The study of bacteria located in biofilm has formed an intriguing area of microbial study that has not always received the full attention of bacteriologists that the phenomenon warrants (Maeda et al 2005; Sorensen et al 2005). Horizontal gene transfer in certain bacteria has been found to occur more rapidly in biofilms than in other bacterial growth and colonization situations, including laboratory scenarios created to give optimum growth and transfer conditions (Haagensen et al 2002; Maeda et al 2005; Sorensen et al 2005). This leads to the conclusion that an understanding of horizontal gene transfer in biofilm is essential to an understanding of bacterial change and adaptation as a whole, especially as the viability of certain bacteria post-transfer seems to be completely unaffected by such transfers (Maeda et al 2005; Sorenson et al 2005). Reliable and effective techniques for marking, measuring, and modeling horizontal gene transfer in biofilm populations of bacteria have already been established and accepted by the scientific community, making further research in this area much easier to carry out (Haagensen et al 2002).
In the proposed research, an extensive literature review will be conducted to establish known patterns and rates of horizontal gene transfer amongst certain species and strains of abcteir when located in biofilm. A similar review will establish rates of horizontal gene transfer in situations other than biofilm adjacency, as well as the rate of bacterial adaptation leading to increased virulence and/or antibiotic resistance. If necessary, experimental research will be conducted to obtain more directly relevant information, though this is more appropriate for future research after preliminary results have been established by this study. The lack of directly applicable research does not reduce the interpretive values of certain other studies that relate at least tangentially to the research questions and objectives of the proposed study (Haagensen et al 2002; Maeda et al 2005; Sorensen et al 2005).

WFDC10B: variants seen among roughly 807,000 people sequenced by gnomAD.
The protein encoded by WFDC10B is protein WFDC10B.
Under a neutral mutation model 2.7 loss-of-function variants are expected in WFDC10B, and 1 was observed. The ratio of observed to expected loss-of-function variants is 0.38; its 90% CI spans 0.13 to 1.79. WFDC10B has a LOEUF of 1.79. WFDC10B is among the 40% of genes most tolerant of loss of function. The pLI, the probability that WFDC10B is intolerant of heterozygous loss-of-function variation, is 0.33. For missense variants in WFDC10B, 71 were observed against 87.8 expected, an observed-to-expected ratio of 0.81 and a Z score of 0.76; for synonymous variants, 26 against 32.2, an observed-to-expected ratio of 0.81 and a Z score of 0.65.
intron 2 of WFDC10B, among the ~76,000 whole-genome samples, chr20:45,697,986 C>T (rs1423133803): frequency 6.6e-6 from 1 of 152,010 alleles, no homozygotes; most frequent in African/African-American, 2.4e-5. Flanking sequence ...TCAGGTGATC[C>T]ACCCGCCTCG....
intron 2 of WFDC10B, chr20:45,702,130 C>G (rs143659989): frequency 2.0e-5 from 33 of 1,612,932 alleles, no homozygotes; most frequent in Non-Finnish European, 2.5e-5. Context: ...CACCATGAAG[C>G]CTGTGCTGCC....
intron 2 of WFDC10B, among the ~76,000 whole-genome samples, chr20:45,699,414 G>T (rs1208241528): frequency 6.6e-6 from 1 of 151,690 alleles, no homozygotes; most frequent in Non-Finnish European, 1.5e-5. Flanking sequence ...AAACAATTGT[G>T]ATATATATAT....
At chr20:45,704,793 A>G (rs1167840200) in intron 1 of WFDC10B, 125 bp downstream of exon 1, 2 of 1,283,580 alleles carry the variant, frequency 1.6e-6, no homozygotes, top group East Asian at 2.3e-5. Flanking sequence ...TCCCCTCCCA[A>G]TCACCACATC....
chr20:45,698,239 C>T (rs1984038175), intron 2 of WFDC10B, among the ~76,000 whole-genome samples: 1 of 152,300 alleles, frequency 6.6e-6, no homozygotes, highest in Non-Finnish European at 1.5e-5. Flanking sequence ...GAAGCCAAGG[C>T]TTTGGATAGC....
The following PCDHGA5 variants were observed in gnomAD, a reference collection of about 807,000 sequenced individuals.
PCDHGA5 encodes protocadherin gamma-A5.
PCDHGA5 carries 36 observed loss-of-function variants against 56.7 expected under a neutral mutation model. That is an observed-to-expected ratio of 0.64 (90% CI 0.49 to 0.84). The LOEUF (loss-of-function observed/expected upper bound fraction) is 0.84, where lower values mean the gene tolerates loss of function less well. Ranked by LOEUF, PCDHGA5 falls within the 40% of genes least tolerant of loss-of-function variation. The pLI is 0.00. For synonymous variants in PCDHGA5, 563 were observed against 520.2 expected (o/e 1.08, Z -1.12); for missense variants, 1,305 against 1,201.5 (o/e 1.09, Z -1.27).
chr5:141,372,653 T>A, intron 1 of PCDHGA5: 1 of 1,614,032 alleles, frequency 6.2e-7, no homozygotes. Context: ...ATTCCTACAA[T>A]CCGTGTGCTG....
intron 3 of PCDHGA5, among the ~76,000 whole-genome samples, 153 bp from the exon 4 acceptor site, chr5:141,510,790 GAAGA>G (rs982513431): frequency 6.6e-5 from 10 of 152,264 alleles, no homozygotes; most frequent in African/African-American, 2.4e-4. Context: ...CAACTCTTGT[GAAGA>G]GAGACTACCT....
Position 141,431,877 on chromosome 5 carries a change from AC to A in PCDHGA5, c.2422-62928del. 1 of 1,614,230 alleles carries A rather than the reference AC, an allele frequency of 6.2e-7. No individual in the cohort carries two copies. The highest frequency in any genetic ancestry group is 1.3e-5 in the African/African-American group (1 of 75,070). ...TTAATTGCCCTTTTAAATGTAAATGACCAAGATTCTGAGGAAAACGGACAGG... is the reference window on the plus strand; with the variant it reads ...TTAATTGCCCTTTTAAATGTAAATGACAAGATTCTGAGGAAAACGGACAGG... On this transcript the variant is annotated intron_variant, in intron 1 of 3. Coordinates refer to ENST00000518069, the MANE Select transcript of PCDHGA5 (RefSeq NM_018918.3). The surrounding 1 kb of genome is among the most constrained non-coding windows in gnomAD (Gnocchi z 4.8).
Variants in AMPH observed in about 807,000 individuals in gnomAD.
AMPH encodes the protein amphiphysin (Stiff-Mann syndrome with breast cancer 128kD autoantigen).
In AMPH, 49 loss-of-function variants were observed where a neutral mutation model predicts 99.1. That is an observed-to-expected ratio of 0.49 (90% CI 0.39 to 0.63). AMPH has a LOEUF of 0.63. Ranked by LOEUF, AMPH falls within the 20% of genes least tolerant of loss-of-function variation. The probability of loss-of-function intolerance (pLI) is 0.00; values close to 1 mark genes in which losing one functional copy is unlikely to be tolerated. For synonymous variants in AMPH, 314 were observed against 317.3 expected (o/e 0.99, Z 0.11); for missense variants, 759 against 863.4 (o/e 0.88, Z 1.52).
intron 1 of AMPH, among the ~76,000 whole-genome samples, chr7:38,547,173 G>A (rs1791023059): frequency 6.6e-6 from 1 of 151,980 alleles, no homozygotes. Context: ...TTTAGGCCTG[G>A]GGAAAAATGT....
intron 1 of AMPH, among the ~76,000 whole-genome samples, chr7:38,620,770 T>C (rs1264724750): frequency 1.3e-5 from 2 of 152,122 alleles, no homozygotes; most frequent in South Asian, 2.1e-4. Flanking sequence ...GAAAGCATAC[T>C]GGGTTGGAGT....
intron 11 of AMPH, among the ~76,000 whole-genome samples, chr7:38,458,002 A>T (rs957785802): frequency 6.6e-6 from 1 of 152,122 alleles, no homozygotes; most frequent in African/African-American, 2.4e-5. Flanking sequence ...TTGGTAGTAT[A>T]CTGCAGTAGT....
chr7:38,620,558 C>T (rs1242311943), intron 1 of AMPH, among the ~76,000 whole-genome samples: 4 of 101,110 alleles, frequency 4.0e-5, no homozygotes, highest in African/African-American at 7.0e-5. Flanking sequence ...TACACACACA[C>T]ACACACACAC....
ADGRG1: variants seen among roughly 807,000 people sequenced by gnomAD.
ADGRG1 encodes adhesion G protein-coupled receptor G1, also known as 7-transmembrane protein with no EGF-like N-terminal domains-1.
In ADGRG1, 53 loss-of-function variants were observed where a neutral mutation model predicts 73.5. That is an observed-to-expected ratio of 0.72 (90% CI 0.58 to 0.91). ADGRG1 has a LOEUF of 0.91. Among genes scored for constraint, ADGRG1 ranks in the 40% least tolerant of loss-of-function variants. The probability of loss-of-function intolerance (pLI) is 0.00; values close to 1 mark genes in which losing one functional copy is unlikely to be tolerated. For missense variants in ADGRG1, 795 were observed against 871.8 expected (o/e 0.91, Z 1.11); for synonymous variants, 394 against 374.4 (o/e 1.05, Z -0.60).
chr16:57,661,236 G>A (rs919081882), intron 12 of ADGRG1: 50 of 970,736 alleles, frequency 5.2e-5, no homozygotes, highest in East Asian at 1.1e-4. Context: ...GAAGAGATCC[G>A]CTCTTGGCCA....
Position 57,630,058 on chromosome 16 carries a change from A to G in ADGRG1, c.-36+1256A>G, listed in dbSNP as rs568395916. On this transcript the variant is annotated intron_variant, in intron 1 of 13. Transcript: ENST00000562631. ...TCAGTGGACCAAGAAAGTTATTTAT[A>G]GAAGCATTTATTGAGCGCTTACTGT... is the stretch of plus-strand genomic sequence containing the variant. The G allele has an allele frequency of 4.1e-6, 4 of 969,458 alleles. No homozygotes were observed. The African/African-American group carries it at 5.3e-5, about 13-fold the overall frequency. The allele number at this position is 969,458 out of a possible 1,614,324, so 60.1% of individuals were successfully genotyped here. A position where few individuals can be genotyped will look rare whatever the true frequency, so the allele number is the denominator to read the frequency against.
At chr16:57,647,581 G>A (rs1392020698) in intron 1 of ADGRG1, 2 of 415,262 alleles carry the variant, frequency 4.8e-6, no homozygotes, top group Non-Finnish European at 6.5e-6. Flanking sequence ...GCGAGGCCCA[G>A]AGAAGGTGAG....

Objectives
The primary objective of the proposed research study will be to establish a preliminary relationship between the rate of horizontal gene transfer achieved by bacteria situated in biofilm and the observed rates of adaptation leading to increased virulence and/or antibiotic resistance in bacteria of the same species and strains. The majority of research that involves genetic gene transfer does not focus on such specific and practical results, though the degree of evidence achievable through established techniques of horizontal gene transfer mapping would certainly allow for such comparisons to be made (Haagensen et al 2002; Maeda et al 2005). This study will attempt to synthesize such diversified findings.